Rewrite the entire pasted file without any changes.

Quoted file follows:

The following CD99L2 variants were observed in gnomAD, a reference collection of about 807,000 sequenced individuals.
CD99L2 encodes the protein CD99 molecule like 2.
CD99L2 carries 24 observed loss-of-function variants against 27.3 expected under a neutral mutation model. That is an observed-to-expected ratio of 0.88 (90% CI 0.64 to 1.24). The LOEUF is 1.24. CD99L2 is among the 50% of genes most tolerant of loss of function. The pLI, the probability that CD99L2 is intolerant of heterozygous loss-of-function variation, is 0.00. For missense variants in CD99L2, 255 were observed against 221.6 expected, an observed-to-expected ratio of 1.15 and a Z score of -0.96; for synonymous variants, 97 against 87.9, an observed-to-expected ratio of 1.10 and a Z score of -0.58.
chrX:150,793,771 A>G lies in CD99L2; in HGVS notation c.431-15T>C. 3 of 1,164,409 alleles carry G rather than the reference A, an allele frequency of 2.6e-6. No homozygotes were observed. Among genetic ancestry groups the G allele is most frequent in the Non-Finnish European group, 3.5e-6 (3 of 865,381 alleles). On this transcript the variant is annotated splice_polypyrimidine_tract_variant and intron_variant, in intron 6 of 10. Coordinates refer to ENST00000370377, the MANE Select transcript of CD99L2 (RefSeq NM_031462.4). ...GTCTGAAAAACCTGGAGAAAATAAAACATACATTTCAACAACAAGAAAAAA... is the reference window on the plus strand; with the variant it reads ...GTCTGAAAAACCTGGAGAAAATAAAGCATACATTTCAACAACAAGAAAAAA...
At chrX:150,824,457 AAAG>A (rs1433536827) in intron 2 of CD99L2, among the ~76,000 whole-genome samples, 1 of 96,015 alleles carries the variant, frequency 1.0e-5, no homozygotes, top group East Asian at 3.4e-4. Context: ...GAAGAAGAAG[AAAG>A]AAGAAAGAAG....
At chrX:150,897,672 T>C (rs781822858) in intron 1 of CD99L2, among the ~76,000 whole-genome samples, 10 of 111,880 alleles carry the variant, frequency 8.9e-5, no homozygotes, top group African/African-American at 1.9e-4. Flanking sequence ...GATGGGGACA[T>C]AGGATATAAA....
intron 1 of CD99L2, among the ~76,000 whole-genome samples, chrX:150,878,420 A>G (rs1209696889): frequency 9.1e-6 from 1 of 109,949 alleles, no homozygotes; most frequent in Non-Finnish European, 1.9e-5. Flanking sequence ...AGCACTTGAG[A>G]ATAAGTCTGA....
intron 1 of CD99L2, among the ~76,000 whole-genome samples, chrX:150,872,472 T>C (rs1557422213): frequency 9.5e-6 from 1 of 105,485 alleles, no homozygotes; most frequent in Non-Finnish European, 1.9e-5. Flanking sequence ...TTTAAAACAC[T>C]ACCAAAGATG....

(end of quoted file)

The following CD99L2 variants were observed in gnomAD, a reference collection of about 807,000 sequenced individuals.
CD99L2 encodes the protein CD99 molecule like 2.
CD99L2 carries 24 observed loss-of-function variants against 27.3 expected under a neutral mutation model. That is an observed-to-expected ratio of 0.88 (90% CI 0.64 to 1.24). The LOEUF is 1.24. CD99L2 is among the 50% of genes most tolerant of loss of function. The pLI, the probability that CD99L2 is intolerant of heterozygous loss-of-function variation, is 0.00. For missense variants in CD99L2, 255 were observed against 221.6 expected, an observed-to-expected ratio of 1.15 and a Z score of -0.96; for synonymous variants, 97 against 87.9, an observed-to-expected ratio of 1.10 and a Z score of -0.58.
chrX:150,793,771 A>G lies in CD99L2; in HGVS notation c.431-15T>C. 3 of 1,164,409 alleles carry G rather than the reference A, an allele frequency of 2.6e-6. No homozygotes were observed. Among genetic ancestry groups the G allele is most frequent in the Non-Finnish European group, 3.5e-6 (3 of 865,381 alleles). On this transcript the variant is annotated splice_polypyrimidine_tract_variant and intron_variant, in intron 6 of 10. Coordinates refer to ENST00000370377, the MANE Select transcript of CD99L2 (RefSeq NM_031462.4). ...GTCTGAAAAACCTGGAGAAAATAAAACATACATTTCAACAACAAGAAAAAA... is the reference window on the plus strand; with the variant it reads ...GTCTGAAAAACCTGGAGAAAATAAAGCATACATTTCAACAACAAGAAAAAA...
At chrX:150,824,457 AAAG>A (rs1433536827) in intron 2 of CD99L2, among the ~76,000 whole-genome samples, 1 of 96,015 alleles carries the variant, frequency 1.0e-5, no homozygotes, top group East Asian at 3.4e-4. Context: ...GAAGAAGAAG[AAAG>A]AAGAAAGAAG....
At chrX:150,897,672 T>C (rs781822858) in intron 1 of CD99L2, among the ~76,000 whole-genome samples, 10 of 111,880 alleles carry the variant, frequency 8.9e-5, no homozygotes, top group African/African-American at 1.9e-4. Flanking sequence ...GATGGGGACA[T>C]AGGATATAAA....
intron 1 of CD99L2, among the ~76,000 whole-genome samples, chrX:150,878,420 A>G (rs1209696889): frequency 9.1e-6 from 1 of 109,949 alleles, no homozygotes; most frequent in Non-Finnish European, 1.9e-5. Flanking sequence ...AGCACTTGAG[A>G]ATAAGTCTGA....
intron 1 of CD99L2, among the ~76,000 whole-genome samples, chrX:150,872,472 T>C (rs1557422213): frequency 9.5e-6 from 1 of 105,485 alleles, no homozygotes; most frequent in Non-Finnish European, 1.9e-5. Flanking sequence ...TTTAAAACAC[T>C]ACCAAAGATG....